Aquatic puppetry entertains President Mukherjee in Vietnam

By Vikas Datta,

Hanoi : Arriving in Vietnam on a four-day state visit, President Pranab Mukherjee did not immediately engage in statecraft with his hosts having arranged an entertaining diversion for him — a show of famed Water Puppets featuring water-spouting dragons, harvesting and other scenes of pastoral life as well as re-enaction of legends.

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Accorded a guard of honour as he alighted here Sunday, the president after a brief stop at his hotel, reached the Thang Long Water Puppet Theatre in the picturesque Old Quarter area for a special show showcasing 14 original items out of the 400-plus repertoire of this ancient Vietnamese art.

President Mukherjee, and the delegation which comprises Petroleum and Natural Gas Minister Dharmendra Pradhan and six MPs including Supriya Sule of the NCP, Pervesh Verma of the BJP and K.V. Thomas of the Congress, sat entranced through the more than hour long show, which featured classic turns like “Dragon’s Dance”, “Catching frogs”, “Chasing the fox that tries to catch ducks”. “Eight Fairies’ Dance” and “Buffalo-boy playing the flute” – which bore an uncanny resemblance to another famous young cowherd in Indian mythology.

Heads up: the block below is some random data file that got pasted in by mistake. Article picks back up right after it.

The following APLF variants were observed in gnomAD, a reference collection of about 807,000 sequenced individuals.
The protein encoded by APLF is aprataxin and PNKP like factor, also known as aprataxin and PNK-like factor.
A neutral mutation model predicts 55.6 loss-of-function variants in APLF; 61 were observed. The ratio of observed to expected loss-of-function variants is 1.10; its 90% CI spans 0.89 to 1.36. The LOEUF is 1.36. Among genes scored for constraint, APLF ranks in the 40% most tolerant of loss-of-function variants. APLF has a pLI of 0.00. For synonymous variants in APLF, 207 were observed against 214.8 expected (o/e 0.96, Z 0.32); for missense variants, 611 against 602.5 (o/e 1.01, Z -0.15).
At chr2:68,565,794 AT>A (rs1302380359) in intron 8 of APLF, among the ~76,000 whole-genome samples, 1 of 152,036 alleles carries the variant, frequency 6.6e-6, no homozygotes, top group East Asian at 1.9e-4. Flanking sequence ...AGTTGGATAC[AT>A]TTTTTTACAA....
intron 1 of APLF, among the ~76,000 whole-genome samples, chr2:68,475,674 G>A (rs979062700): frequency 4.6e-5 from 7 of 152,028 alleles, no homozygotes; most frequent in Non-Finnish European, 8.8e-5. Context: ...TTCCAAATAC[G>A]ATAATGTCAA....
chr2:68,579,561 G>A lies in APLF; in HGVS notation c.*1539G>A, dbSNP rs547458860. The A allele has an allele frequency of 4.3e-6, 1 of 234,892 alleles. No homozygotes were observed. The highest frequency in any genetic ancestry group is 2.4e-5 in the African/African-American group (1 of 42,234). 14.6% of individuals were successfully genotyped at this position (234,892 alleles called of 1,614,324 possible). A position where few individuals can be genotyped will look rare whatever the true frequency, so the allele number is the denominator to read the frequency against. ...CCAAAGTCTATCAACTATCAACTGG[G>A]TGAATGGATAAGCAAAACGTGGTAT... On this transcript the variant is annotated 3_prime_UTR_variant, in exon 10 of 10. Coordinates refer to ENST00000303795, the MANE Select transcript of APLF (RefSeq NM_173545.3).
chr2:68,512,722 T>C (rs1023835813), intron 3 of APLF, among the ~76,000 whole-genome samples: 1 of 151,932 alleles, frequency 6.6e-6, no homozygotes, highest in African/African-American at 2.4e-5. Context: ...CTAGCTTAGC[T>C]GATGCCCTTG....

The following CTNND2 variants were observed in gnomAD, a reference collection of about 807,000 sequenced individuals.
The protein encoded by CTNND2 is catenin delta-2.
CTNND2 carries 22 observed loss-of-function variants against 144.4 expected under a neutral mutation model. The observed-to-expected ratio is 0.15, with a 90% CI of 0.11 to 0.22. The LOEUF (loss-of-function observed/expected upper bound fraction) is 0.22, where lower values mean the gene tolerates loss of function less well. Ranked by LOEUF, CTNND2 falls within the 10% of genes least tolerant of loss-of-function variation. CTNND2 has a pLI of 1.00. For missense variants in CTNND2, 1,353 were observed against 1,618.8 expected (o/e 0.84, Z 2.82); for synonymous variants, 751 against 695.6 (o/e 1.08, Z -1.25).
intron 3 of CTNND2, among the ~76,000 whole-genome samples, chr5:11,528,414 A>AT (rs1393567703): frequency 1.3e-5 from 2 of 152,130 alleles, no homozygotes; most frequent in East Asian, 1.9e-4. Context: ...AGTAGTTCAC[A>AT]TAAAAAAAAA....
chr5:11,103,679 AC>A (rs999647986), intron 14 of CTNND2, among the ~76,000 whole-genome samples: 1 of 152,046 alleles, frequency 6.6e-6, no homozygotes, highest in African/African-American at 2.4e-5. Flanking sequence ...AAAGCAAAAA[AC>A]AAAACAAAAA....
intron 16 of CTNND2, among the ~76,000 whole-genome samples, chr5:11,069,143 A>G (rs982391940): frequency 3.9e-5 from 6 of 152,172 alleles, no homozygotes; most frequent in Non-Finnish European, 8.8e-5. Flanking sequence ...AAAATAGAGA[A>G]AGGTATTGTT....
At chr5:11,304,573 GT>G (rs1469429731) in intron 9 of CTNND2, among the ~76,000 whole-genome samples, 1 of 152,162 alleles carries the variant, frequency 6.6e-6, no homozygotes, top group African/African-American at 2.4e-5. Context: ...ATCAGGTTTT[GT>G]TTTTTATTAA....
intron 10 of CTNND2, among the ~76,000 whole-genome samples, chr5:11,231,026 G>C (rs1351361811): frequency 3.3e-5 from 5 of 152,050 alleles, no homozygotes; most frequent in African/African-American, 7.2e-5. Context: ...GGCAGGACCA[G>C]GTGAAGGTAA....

Water Puppetry, or “Mua roi nuoc (puppets that dance on water)” differs from the traditional form insofar the puppets, made of wood and then lacquered, are not manipulated from above by strings, or from below like the glove variety but by an apparently more difficult manner from under water, with the set itself a pool of waist deep water.

The puppeteers – more than half of which were women in Sunday’s performance – themselves are hidden behind a bamboo screen of the pagoda which forms the backdrop, while a traditional Vietnamese orchestra, comprising percussion (drums, wooden bells, gongs and cymbals), woodwind (horns and flutes) and strings (monochord), provides background music accompaniment as well as singers to recite the story.

Originating in Vietnam’s Red River Delta in the 11th century when villagers turned to such pastimes to entertain each other in the flooded paddy fields, the key motifs are thus based on seasonal rhythms of rural life – activities like sowing and harvesting, fishing and protection of livestock and other animals.

Frequently, legends and folks beliefs also form inspirations – like “Xa thuong” featuring hymns of the cult of Holy Mothers, or “Le Loi returning the sword” about a local resistance leader who successfully fought off foreign invaders in the 15th century with the aid of a celestial sword, subsequently taken back by Kim Quay or the golden tortoise god as Le Loi was boating on a Hanoi lake, or those featuring the frolics of fairies or creatures like dragons, the phoenix, unicorns and the tortoise.

All these three – especially the legendary creatures whose engaging and endearing frolics singly and then jointly – formed a part of Sunday’s show whose art director was eminent artist Nguyen Hong Tuan.

President Mukherjee earlier said he was keen to see the art.

In an informal chat with media persons on the presidential plane on way to Hanoi, he said he was quite familiar with the traditional Bengali puppetry but was yet to see this variant based and performed on a water setting.

(Vikas Datta can be contacted at [email protected])